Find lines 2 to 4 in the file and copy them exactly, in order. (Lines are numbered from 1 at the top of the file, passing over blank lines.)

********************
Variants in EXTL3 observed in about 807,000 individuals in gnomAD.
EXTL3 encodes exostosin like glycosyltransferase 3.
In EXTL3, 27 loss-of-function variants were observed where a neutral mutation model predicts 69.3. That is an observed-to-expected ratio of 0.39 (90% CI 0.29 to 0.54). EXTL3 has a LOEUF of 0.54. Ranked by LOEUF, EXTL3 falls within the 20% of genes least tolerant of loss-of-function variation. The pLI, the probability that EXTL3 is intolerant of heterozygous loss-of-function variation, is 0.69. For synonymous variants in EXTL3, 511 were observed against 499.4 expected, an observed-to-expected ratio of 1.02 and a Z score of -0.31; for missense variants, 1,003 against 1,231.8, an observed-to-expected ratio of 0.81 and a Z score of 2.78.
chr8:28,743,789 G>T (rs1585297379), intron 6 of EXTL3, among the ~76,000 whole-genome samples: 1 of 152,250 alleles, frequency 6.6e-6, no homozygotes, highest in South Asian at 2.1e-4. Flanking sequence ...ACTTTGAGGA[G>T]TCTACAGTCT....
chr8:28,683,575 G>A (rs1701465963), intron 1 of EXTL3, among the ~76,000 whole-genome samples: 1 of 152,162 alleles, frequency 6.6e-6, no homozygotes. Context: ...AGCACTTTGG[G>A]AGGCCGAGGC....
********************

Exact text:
EXTL3 encodes exostosin like glycosyltransferase 3.
In EXTL3, 27 loss-of-function variants were observed where a neutral mutation model predicts 69.3. That is an observed-to-expected ratio of 0.39 (90% CI 0.29 to 0.54). EXTL3 has a LOEUF of 0.54. Ranked by LOEUF, EXTL3 falls within the 20% of genes least tolerant of loss-of-function variation. The pLI, the probability that EXTL3 is intolerant of heterozygous loss-of-function variation, is 0.69. For synonymous variants in EXTL3, 511 were observed against 499.4 expected, an observed-to-expected ratio of 1.02 and a Z score of -0.31; for missense variants, 1,003 against 1,231.8, an observed-to-expected ratio of 0.81 and a Z score of 2.78.
chr8:28,743,789 G>T (rs1585297379), intron 6 of EXTL3, among the ~76,000 whole-genome samples: 1 of 152,250 alleles, frequency 6.6e-6, no homozygotes, highest in South Asian at 2.1e-4. Flanking sequence ...ACTTTGAGGA[G>T]TCTACAGTCT....